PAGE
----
Toyota is reportedly developing a cheaper hydrogen-powered car to help bolster sales before the end of the decade.
The mass-production model would only be slightly more affordable than the current Mirai, dropping the entry price to 5.5-6 million yen (~$50,900-$55,500 USD), according to an Asahi Shimbun report spotted by Autoblog. The current Mirai launched with an official price tag of 6.7 million yen (~$62,000 USD), though current purchase prices are said to be closer to 7.23 million yen (~$66,900 USD).
Produced at the former LFA Works factory, the Mirai requires a significant amount of manual labor. Initial output has been limited to just three units daily, far below the volume of Toyota’s other assembly plants.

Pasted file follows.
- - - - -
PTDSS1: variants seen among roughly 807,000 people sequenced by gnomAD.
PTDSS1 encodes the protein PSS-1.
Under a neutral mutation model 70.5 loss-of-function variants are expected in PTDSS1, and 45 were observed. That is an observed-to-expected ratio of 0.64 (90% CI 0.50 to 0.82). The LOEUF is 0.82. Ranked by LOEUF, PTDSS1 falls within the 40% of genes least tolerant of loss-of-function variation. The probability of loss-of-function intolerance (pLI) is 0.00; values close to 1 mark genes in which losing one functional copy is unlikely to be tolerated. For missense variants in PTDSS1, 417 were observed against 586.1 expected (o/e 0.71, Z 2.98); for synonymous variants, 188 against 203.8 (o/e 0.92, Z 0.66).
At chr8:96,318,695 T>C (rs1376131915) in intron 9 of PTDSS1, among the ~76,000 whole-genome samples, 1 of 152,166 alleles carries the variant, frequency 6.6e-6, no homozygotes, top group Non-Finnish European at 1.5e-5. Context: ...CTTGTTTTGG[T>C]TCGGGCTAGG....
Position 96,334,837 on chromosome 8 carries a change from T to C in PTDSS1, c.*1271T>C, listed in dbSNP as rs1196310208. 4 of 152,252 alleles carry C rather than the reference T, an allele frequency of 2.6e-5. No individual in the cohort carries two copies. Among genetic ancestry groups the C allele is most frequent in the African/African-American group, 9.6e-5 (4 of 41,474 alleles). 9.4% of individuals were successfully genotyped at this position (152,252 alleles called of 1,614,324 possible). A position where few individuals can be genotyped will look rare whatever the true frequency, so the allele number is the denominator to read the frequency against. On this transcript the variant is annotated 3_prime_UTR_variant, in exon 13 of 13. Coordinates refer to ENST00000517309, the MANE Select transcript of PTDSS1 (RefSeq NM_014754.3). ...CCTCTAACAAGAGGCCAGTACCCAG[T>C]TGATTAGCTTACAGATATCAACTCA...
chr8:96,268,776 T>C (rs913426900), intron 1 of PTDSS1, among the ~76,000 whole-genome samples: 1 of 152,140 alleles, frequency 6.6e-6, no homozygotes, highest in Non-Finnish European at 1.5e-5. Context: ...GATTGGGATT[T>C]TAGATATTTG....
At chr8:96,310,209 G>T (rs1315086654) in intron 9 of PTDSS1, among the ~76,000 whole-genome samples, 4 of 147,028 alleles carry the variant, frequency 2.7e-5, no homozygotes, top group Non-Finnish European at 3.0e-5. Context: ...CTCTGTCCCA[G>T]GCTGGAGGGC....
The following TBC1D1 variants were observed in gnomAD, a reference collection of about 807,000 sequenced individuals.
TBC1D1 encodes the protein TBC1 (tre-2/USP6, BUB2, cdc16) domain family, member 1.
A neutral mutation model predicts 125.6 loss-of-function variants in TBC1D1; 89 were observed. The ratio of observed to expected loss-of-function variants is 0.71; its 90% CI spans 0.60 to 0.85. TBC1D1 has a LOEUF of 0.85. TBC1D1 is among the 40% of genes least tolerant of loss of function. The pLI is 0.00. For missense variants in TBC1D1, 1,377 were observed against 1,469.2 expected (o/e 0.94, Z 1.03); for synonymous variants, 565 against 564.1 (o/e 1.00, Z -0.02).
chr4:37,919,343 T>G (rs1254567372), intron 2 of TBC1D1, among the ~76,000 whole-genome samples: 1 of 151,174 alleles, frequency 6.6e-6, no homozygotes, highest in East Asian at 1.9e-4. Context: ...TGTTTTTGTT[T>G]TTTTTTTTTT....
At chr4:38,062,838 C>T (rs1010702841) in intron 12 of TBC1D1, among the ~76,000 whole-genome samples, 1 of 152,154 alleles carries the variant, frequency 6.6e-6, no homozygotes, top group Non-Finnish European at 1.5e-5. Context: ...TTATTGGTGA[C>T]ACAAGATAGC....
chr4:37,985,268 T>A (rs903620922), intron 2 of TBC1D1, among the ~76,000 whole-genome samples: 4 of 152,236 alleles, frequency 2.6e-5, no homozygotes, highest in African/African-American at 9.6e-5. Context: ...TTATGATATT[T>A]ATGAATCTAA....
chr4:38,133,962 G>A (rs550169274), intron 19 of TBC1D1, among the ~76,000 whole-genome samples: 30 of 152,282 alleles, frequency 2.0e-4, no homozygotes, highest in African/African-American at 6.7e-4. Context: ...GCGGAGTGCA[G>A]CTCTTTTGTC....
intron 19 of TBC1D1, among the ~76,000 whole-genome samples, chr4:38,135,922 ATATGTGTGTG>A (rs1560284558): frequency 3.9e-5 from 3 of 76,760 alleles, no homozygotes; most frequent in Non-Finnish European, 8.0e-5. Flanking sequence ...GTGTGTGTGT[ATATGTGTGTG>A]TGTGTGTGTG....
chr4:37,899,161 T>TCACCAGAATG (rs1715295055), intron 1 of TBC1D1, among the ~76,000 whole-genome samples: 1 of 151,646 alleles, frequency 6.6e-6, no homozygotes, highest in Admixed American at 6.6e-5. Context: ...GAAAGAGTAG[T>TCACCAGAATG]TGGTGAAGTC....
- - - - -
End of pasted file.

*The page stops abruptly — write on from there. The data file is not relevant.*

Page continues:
The cheaper car is said to be marginally smaller than the Mirai, with revised engineering for volume production. It is expected to be built on a dedicated assembly line, enabling much higher output numbers and reducing costs via economies of scale.
Fuel-cell vehicles are still struggling to gain traction as infrastructure remains scant, with just dozens of refueling stations across the globe. Buildout appears to have accelerated in California, however the state currently only lists 16 stations as operational. Some locations have been plagued by reliability issues, leaving the station closed for weeks or forcing customers to only partially fill their vehicles.
Toyota is said to have set a FCV production target of 30,000 units annually by the end of the decade, coinciding with the 2020 Summer Olympic Games in Tokyo. The Japanese government earlier this year set a goal of 6,000 FCVs on Tokyo roads by 2020.